It’s something out of pop culture. 1984 brought the birth of The Terminator; written by James Cameron and produced by Gale Anne Hurd, starring Arnold Schwarzenegger. The action movie portrayed a robotic assassin from the future. The whole concept of a future where humans are no longer required was, at the time, inconceivable to the general public.
Fast forward a couple of years, and robotics have taken over a majority of assembly line labor, from the automotive and circuit board manufacturers. As technology progresses, repetitive tasks start to dwindle.
In April 2014, IPSoft, a New York based autonomic computing firm, introduced “Amelia”, a humanoid computer program. She’s a virtual engineer that copies the way an engineer works and helps answers technical queries over the phone in a fraction of time humans do.
IPsoft’s Amelia platform was designed in 1998 by Chetan Dube, a former New York University mathematics professor. The program was originally known as “Eliza” in the early stages of development.
So what’s all the fuss? Don’t we deal with automation every time we try and contact any service provider? We’re all familiar with this scenario press 1 for Billing, press 2 for Customer Service and so forth. What makes Amelia different? After countless pressing of numbers, you finally get to a human representative. Amelia will be that final stop, not a human.
Business Process Outsourcing (BPO), a $400 billion industry that employs over 350,000 individuals and creates 70,000 new jobs a year in the Philippines, just might be threatened by Amelia.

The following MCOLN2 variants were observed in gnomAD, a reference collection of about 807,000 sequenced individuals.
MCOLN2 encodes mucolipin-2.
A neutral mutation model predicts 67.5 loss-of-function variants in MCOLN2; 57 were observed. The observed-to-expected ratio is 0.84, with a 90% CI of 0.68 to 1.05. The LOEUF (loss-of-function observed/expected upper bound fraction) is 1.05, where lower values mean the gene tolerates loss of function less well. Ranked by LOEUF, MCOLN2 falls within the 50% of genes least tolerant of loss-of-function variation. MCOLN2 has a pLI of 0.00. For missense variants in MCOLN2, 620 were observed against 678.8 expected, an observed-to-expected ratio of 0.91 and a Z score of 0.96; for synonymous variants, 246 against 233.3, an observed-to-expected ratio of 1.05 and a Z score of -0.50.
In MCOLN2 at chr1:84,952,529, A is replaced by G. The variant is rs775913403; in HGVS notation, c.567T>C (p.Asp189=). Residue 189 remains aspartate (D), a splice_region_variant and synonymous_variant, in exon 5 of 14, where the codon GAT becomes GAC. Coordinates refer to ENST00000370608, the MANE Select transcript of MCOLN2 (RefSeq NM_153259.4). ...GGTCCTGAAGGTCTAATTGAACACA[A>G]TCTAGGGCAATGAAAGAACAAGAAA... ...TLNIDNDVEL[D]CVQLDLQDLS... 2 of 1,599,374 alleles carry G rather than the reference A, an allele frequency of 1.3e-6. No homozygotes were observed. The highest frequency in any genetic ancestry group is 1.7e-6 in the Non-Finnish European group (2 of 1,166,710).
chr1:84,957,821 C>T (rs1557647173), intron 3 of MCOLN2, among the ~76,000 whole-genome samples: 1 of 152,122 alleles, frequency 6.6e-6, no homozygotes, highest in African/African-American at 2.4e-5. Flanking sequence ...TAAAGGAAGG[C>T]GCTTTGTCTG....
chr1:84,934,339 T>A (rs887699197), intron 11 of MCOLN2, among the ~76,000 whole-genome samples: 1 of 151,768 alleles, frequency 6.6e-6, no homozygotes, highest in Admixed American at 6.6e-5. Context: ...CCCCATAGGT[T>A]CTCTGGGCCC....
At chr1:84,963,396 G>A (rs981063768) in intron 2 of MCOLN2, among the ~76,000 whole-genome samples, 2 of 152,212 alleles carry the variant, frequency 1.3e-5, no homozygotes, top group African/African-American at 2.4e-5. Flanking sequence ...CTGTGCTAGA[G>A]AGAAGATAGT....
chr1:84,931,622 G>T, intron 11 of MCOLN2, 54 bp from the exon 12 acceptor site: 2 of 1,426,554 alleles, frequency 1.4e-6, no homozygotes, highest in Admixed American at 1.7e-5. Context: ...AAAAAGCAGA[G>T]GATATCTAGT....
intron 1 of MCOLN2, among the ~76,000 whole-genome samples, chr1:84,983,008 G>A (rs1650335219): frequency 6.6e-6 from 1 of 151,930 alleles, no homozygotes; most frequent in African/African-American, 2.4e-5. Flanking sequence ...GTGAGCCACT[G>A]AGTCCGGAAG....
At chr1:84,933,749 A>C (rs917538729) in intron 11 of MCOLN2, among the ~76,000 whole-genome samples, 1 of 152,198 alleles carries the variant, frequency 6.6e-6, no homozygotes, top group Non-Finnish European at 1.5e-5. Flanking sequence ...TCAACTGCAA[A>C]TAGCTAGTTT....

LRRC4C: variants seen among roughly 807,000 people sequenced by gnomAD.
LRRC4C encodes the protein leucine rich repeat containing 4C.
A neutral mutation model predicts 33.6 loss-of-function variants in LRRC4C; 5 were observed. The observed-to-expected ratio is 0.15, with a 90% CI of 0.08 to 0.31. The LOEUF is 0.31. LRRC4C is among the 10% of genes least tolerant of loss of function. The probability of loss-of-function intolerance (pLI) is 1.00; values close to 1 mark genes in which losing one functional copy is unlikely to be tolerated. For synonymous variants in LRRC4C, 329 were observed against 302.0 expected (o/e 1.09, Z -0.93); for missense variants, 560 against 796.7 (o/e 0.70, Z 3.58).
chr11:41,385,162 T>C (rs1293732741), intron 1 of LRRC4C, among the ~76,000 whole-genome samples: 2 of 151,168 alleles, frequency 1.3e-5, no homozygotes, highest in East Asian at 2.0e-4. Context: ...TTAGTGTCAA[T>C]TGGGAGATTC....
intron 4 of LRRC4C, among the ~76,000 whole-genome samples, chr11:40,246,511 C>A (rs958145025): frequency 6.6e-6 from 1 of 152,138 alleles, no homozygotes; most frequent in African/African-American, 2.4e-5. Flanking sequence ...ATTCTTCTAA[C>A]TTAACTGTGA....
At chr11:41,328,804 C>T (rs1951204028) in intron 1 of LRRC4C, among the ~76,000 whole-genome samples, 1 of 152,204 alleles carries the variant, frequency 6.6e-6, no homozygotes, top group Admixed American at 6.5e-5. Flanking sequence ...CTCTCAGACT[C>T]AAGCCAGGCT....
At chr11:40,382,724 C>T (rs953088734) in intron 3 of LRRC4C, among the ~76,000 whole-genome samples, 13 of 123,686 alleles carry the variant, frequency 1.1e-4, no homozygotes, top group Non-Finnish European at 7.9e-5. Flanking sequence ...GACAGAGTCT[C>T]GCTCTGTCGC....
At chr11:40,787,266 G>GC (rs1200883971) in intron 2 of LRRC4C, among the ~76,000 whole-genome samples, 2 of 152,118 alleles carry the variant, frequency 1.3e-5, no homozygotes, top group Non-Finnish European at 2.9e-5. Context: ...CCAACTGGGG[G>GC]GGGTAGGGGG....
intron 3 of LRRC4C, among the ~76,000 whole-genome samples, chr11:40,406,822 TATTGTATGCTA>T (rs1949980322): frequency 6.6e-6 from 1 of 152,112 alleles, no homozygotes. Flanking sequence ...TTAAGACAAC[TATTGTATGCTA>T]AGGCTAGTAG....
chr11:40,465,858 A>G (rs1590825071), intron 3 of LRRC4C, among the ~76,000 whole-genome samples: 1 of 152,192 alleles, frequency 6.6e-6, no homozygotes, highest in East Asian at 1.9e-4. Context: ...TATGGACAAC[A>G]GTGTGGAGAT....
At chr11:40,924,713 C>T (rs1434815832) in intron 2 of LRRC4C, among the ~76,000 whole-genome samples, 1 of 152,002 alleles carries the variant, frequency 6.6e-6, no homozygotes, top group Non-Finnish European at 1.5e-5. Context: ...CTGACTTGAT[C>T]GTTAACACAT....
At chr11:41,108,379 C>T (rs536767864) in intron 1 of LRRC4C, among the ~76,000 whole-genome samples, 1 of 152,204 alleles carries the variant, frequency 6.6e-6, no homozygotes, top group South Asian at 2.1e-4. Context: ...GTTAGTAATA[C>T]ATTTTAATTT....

She’s definitely not a futuristic assassin covered in muscle that says catchy phrases like “I’ll be back”. What she can do is work in 10 languages. She speaks in a pleasant human voice while answering queries in a fraction of the time it takes a human to do the same. Amelia has a self-learning algorithm that can resolve complex issues within minutes. Another trick up she has up her sleeve is being able to clone herself during peak hours or when a queue has arisen. Amelia is estimated to cut operational costs by as much as 70%, as fewer people will be needed. IPSoft estimate a 30-40% savings in typical infrastructure management cost based on limited human intervention.
Does that mean that the BPO industry will end? There are those that don’t think so, based on an article published by ZDNet. Raman Roy, is one of the BPO industry’s pioneers in India, “doesn’t think that computers can replace humans with anything other than essential functions.”
IPSoft has already created partnerships with Accenture and Infosys. A soft launch of Amelia will be in June 2014. IPSoft says that people shouldn’t look at Amelia as a threat, and Dube says that they “want to pursue the ‘Intel Inside’ strategy, wherein large firms use our technologies.”
As technology progresses and robotics and computers take on repetitive tasks, it also a great reminder of the old saying: “When one door closes, another door opens.”